So they “did a real number on the building”, explains Sam, opening it up to create two larger areas, plus a café and gallery space. There was everything a film crew could want and somewhere for the public to drop in as well. They kept the soundproof recording studio, which they considered a luxury but also an asset. “It’s 120sqm of anything-is-possible space,” Sam says.

He had been making videos and working on Mo Show, a TV series with Mark Williams and Otis Frizzell. The couple’s second child, Tom, was three months old when Sam and Nat began Lot23 with Steve. To begin with they were spending 80% of their time on commercial work, mostly making videos for corporates or advertisements, while the other 20% went on creative endeavours to support young musicians and artists.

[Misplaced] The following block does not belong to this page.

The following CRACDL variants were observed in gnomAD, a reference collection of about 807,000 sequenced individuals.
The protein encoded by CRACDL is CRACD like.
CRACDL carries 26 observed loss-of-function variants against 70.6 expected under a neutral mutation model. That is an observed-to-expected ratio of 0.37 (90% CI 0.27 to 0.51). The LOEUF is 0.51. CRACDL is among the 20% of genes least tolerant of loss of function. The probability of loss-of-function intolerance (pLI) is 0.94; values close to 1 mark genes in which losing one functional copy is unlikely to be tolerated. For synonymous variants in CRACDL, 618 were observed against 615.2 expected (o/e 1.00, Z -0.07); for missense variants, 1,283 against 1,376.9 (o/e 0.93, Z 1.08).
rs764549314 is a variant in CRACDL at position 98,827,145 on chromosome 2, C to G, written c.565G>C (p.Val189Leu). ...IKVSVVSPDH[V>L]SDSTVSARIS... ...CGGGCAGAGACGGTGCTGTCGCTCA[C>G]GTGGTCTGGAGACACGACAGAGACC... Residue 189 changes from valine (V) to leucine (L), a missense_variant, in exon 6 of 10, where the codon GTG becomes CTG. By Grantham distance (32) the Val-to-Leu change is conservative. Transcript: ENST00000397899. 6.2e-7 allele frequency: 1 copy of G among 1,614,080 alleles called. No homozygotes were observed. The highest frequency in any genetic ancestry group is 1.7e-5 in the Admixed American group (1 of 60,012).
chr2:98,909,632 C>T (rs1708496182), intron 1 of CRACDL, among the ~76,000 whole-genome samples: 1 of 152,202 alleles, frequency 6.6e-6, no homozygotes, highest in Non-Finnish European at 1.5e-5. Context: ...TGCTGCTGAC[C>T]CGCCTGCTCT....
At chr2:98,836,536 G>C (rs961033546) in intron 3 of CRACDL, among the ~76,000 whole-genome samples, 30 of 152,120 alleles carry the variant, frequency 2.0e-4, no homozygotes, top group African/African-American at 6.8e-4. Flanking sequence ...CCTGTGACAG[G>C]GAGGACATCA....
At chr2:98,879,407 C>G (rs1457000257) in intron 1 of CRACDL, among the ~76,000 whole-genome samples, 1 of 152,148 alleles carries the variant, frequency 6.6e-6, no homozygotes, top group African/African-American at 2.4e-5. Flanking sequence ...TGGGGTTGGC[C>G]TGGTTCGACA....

That percentage is almost totally inverted now. “It’s such a struggle to find space for creative projects in Auckland and the studio is an asset we love to share with the community,” Sam says. “We love to bring our technical expertise and work closely with creatives to customise the spaces and realise their vision.”

Thanks to Nat’s marketing and curating skills the space also has at least two to three creative events booked a month. One week recently the studio served as the venue for Neil McLeod’s EP release, and an African fashion launch. 

Lot23 plays host to the Luxalot music and dining events. (Photo: supplied.)

But the pair has had to take risks and economise to grow the business to this point. They still had flatmates until daughter Penny was three, and at one stage Nat had three part-time jobs. Five years ago Sam convinced Nat to buy a state-of-the-art PA sound system. “He’s a total sound geek,” Nat says. It meant taking out a second mortgage.